# Archimede's principle

1. May 28, 2010

### EzaMoo

1. The problem statement, all variables and given/known data

Block A hangs by a cord from spring balance D and is submerged in a liquid C contained in beaker B. The mass of the beaker is 1.00 kg; the mass of the liquid is 1.80 kg. Balance D reads 3.50 kg, and balance E reads 7.50 kg. The volume of block A is 3.80 × 10-3 m3.

(a) What is the density of the liquid?

(b) What will each balance read if block A is pulled up out of the liquid?

For figure see : http://session.masteringphysics.com/problemAsset/1026707/4/yg.13.46.jpg

2. Relevant equations

Wdisplaced fluid = density x gV

3. The attempt at a solution

Okay.... this has me stumped!

a) V x density fluid + m block + m fluid = 7.5 kg
from here density of fluid = 1237kg/m^3

b) From archimede's principle we find the weight of the displaced fluid = weight of block = 46.1kg

Then I am unsure of what to do next... assuming what I have done so far is correct

2. May 28, 2010

### collinsmark

I think you mean
V x density fluid + m beaker + m fluid = 7.5 kg

But anyway, I agree with your 1237 kg/m3 figure.

You totally lost me on that. :uhh:

There's a couple of ways to solve the problem from here. But since this is an Archimedes' principle problem, I suggest using that approach.

Your goal here is to find the weight (thus mass) of the block. You know the mass/weight of the displaced liquid (you know its volume and density so you can calculate its mass). Then use the measured value of the spring D, as part of the equation.

When making your equation, consider this. What value would spring D measure if the block and displaced fluid had the same densities (i.e. both had the same mass), such that the block was just floating? How dense/massive does the block need to be before the spring D will measure a positive, non-zero value? (Hint: you need to form your equation such that it represents the difference of something ).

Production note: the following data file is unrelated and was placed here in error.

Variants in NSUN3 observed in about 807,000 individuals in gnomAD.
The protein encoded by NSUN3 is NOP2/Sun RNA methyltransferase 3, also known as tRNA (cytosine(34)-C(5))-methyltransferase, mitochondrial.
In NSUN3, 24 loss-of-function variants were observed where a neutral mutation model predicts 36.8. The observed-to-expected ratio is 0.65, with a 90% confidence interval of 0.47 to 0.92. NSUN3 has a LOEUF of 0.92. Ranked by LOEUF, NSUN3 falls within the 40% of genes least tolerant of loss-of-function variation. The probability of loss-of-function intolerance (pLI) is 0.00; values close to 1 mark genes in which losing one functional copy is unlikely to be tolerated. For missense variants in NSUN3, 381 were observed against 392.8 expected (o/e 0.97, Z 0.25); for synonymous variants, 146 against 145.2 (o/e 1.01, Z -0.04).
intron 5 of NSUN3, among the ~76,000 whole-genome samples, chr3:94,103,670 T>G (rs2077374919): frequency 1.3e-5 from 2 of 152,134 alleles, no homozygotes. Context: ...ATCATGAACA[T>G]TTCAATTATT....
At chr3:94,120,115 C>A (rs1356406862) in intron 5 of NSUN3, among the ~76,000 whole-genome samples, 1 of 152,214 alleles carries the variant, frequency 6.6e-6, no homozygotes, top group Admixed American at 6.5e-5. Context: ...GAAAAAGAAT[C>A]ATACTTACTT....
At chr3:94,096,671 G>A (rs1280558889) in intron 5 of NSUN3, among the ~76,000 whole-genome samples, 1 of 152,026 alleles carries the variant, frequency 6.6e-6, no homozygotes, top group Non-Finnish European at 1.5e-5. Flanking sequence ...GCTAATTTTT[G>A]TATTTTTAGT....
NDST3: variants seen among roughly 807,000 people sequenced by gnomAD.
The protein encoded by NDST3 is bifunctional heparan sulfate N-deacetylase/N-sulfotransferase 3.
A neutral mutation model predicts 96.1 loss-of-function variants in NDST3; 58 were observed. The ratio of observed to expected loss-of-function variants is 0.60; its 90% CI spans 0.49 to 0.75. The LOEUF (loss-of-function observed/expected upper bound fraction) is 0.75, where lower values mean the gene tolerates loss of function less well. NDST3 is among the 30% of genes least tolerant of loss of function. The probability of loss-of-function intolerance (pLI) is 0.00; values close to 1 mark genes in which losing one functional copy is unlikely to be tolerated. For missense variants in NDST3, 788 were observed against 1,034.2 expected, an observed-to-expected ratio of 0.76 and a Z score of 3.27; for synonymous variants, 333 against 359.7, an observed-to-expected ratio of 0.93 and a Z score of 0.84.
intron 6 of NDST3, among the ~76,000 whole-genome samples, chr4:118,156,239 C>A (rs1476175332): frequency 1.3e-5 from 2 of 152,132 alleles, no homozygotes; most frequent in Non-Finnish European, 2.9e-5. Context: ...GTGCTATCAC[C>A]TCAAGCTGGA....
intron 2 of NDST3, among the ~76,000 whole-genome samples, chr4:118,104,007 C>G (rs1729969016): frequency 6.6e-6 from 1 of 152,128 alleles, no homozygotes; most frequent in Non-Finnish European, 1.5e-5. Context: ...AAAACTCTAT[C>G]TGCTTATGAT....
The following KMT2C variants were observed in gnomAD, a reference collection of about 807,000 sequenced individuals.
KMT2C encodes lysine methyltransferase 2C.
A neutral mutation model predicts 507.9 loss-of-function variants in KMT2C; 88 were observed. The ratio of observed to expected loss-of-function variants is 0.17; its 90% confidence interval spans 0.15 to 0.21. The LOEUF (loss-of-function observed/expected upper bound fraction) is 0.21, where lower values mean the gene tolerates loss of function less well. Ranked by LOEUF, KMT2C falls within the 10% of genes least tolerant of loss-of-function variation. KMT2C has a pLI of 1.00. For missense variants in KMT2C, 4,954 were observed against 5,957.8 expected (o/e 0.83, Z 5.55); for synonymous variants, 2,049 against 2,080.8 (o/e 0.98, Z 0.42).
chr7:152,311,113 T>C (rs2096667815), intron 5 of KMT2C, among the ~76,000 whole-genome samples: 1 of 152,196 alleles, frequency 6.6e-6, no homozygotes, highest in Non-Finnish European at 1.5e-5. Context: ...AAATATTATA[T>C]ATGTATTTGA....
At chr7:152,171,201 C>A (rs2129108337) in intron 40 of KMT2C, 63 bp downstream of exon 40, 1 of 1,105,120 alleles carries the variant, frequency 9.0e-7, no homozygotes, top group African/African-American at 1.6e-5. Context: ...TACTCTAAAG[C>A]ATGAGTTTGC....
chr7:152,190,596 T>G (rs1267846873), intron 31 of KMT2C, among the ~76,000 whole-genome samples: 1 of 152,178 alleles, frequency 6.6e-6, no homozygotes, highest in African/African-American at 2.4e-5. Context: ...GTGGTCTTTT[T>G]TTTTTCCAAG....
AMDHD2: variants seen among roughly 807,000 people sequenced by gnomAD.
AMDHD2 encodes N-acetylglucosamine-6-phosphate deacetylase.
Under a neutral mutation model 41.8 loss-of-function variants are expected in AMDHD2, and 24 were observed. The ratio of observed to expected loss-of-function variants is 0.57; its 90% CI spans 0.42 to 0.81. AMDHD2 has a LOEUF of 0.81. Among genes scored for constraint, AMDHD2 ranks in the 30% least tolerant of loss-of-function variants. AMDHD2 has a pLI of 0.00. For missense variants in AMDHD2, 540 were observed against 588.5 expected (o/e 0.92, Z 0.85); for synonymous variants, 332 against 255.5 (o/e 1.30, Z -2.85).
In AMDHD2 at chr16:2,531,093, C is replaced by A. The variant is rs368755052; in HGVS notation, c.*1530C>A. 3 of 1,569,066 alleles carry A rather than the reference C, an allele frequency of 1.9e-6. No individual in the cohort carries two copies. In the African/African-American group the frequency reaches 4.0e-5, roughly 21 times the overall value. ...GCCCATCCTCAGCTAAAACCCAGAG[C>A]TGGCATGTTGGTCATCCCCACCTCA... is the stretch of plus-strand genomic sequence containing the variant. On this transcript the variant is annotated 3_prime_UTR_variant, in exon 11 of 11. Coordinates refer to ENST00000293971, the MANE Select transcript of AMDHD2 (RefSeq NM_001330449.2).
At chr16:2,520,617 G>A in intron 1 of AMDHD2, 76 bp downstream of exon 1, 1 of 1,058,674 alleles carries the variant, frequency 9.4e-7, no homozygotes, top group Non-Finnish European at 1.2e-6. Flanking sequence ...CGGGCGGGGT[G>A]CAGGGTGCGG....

3. May 28, 2010

### EzaMoo

Whoops.... yes I meant beaker

okay, not sure I am getting this but:

Wdisplaced fluid + T in spring - Wblock = 0

46.1 + 3.5 - Wblock = 0

W block = 49.6kg

so if the block is removed from the fluid, D would read 49.6kg???

E would read 1 + 1.8 = 2.8kg

4. May 29, 2010

### collinsmark

If the block was floating, D would would read 0 kg. Only when the density of the block becomes greater than the density of the fluid does D read a positive value. D is 3.50 kg, So 3.50 kg = m block minus m displaced fluid. (since you have already calculated the density of the displaced fluid, and you know the volume of the displaced fluid [same as the volume of the block] you can calculate its mass).

There's another way to solve this problem too, which is useful to double check your answer. The mass measured by balance D plus the mass measured by balance E must be the total mass of everything; the beaker, the block, and the fluid.

5. May 29, 2010

### EzaMoo

So I was on the right track.

I used weight instead of mass tho, change them and it would be right.

Mdisplaced fluid + T in spring - Mblock = 0

4.7 + 3.5 -Mblock = 0

Mblock = 8.2kg

Thank you so much for your help!

I can't believe I didn't think of the last way you talk about (to check answer) so simple yet so far from my mind :tongue: